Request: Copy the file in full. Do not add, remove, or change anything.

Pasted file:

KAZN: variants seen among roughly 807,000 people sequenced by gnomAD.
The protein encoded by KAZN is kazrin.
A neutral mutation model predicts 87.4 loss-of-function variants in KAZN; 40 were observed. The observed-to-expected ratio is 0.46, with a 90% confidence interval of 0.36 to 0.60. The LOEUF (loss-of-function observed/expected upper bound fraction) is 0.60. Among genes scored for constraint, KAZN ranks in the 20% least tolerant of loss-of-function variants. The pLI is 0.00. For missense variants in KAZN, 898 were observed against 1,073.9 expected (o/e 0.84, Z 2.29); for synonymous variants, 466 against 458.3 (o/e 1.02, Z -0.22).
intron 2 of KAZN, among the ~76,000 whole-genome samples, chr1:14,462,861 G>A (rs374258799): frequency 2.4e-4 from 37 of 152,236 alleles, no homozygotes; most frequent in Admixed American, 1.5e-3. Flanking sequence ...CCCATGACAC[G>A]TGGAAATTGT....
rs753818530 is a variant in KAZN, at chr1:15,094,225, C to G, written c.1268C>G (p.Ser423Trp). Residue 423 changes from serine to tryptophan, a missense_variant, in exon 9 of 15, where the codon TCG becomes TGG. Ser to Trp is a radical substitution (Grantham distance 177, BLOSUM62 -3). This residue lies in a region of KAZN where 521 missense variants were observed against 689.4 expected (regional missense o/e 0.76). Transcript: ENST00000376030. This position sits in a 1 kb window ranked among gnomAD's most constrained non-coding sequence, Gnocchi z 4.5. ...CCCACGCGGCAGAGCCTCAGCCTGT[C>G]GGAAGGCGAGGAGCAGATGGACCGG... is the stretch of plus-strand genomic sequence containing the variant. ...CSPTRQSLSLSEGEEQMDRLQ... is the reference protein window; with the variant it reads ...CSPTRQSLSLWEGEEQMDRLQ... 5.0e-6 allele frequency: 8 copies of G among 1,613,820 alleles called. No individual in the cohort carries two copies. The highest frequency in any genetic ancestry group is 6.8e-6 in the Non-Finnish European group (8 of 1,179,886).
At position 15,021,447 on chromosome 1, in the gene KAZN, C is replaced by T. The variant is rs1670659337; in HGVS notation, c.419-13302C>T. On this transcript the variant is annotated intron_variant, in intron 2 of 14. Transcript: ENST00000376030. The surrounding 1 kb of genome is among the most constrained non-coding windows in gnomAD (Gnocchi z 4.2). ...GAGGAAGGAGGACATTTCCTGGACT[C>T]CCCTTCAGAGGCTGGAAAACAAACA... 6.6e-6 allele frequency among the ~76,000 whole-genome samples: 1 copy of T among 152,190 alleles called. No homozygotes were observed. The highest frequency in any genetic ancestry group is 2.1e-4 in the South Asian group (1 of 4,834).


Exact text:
KAZN: variants seen among roughly 807,000 people sequenced by gnomAD.
The protein encoded by KAZN is kazrin.
A neutral mutation model predicts 87.4 loss-of-function variants in KAZN; 40 were observed. The observed-to-expected ratio is 0.46, with a 90% confidence interval of 0.36 to 0.60. The LOEUF (loss-of-function observed/expected upper bound fraction) is 0.60. Among genes scored for constraint, KAZN ranks in the 20% least tolerant of loss-of-function variants. The pLI is 0.00. For missense variants in KAZN, 898 were observed against 1,073.9 expected (o/e 0.84, Z 2.29); for synonymous variants, 466 against 458.3 (o/e 1.02, Z -0.22).
intron 2 of KAZN, among the ~76,000 whole-genome samples, chr1:14,462,861 G>A (rs374258799): frequency 2.4e-4 from 37 of 152,236 alleles, no homozygotes; most frequent in Admixed American, 1.5e-3. Flanking sequence ...CCCATGACAC[G>A]TGGAAATTGT....
rs753818530 is a variant in KAZN, at chr1:15,094,225, C to G, written c.1268C>G (p.Ser423Trp). Residue 423 changes from serine to tryptophan, a missense_variant, in exon 9 of 15, where the codon TCG becomes TGG. Ser to Trp is a radical substitution (Grantham distance 177, BLOSUM62 -3). This residue lies in a region of KAZN where 521 missense variants were observed against 689.4 expected (regional missense o/e 0.76). Transcript: ENST00000376030. This position sits in a 1 kb window ranked among gnomAD's most constrained non-coding sequence, Gnocchi z 4.5. ...CCCACGCGGCAGAGCCTCAGCCTGT[C>G]GGAAGGCGAGGAGCAGATGGACCGG... is the stretch of plus-strand genomic sequence containing the variant. ...CSPTRQSLSLSEGEEQMDRLQ... is the reference protein window; with the variant it reads ...CSPTRQSLSLWEGEEQMDRLQ... 5.0e-6 allele frequency: 8 copies of G among 1,613,820 alleles called. No individual in the cohort carries two copies. The highest frequency in any genetic ancestry group is 6.8e-6 in the Non-Finnish European group (8 of 1,179,886).
At position 15,021,447 on chromosome 1, in the gene KAZN, C is replaced by T. The variant is rs1670659337; in HGVS notation, c.419-13302C>T. On this transcript the variant is annotated intron_variant, in intron 2 of 14. Transcript: ENST00000376030. The surrounding 1 kb of genome is among the most constrained non-coding windows in gnomAD (Gnocchi z 4.2). ...GAGGAAGGAGGACATTTCCTGGACT[C>T]CCCTTCAGAGGCTGGAAAACAAACA... 6.6e-6 allele frequency among the ~76,000 whole-genome samples: 1 copy of T among 152,190 alleles called. No homozygotes were observed. The highest frequency in any genetic ancestry group is 2.1e-4 in the South Asian group (1 of 4,834).